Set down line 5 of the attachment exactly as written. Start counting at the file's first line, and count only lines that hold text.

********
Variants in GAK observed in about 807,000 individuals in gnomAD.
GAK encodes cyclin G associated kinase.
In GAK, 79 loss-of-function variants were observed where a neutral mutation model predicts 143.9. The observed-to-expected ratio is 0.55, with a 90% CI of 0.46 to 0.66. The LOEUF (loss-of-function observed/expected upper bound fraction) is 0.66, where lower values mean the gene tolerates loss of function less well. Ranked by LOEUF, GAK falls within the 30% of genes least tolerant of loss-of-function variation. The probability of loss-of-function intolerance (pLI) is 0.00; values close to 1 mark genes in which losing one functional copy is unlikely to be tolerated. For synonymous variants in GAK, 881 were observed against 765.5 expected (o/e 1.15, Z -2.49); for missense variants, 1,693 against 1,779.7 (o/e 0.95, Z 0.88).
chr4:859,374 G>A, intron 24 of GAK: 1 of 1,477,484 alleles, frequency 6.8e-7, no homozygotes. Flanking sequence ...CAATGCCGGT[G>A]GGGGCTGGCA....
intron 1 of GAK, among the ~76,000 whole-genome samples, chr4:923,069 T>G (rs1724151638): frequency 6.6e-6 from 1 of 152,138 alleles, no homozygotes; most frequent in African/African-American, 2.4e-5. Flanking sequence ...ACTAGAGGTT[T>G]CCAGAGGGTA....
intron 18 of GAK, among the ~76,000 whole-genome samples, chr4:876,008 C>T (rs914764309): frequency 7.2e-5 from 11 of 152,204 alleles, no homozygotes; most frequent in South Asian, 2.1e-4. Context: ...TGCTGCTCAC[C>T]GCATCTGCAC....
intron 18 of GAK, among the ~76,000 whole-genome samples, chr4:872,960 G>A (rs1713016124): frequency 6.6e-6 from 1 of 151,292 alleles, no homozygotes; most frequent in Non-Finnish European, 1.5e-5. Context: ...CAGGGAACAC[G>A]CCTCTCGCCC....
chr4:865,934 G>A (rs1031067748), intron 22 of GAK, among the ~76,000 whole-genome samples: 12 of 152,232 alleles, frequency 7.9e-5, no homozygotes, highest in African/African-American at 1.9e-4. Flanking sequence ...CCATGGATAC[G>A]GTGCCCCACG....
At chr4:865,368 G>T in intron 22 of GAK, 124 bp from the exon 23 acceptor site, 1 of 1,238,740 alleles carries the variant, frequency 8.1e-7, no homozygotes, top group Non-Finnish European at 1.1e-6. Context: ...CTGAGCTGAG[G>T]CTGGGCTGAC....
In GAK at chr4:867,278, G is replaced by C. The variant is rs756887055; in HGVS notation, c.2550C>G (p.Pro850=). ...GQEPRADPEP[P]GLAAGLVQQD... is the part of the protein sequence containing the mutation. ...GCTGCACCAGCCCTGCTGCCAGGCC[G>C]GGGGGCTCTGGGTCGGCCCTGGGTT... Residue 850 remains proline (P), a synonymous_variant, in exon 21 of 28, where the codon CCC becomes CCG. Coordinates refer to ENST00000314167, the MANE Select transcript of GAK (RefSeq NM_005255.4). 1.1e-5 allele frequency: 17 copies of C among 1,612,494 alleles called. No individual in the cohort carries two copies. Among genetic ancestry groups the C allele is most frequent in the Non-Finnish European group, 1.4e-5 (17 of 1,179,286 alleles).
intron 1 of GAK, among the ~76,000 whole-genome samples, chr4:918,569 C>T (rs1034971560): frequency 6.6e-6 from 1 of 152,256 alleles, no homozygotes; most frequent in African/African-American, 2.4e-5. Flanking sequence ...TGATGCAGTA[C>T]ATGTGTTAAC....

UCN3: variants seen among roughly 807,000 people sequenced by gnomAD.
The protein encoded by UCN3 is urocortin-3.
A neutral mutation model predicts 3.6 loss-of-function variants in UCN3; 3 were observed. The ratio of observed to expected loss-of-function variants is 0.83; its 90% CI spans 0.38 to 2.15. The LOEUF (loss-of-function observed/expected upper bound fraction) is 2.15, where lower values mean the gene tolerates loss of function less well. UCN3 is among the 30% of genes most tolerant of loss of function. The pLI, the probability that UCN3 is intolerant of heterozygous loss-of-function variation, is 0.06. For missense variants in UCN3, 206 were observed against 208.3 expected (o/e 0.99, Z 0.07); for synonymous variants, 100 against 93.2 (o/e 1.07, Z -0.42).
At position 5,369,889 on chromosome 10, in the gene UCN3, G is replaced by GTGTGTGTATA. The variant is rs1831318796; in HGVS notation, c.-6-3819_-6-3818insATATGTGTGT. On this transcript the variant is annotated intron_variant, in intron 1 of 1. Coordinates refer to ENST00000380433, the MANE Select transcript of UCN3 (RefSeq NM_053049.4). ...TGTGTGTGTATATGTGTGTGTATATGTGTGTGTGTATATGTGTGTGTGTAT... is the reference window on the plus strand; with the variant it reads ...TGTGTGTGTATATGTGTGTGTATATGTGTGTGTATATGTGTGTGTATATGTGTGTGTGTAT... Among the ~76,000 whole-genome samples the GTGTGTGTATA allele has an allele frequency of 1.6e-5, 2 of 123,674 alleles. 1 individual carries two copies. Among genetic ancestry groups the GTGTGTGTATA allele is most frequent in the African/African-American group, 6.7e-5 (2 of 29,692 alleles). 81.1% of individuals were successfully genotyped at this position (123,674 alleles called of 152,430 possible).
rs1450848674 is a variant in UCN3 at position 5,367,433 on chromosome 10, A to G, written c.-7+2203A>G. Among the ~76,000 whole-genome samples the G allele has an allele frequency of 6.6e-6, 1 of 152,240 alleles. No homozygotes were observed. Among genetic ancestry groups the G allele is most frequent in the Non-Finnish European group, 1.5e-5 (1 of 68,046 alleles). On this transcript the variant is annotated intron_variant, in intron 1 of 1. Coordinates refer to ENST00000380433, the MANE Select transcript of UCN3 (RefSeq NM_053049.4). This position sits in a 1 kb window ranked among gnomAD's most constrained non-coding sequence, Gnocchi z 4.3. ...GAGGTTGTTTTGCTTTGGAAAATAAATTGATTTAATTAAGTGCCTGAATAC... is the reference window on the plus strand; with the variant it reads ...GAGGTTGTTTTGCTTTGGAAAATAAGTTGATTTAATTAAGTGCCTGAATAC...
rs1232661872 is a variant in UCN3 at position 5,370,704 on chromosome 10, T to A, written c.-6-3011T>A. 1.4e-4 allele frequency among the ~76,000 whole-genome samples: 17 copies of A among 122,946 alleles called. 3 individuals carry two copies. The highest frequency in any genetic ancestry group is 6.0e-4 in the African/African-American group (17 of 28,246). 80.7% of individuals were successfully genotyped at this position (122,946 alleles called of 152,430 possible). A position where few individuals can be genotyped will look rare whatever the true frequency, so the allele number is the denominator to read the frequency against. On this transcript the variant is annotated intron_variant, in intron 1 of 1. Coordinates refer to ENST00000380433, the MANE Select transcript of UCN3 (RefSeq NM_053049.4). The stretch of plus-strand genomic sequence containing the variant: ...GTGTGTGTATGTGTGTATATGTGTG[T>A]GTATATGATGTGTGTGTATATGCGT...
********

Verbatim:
intron 1 of GAK, among the ~76,000 whole-genome samples, chr4:923,069 T>G (rs1724151638): frequency 6.6e-6 from 1 of 152,138 alleles, no homozygotes; most frequent in African/African-American, 2.4e-5. Flanking sequence ...ACTAGAGGTT[T>G]CCAGAGGGTA....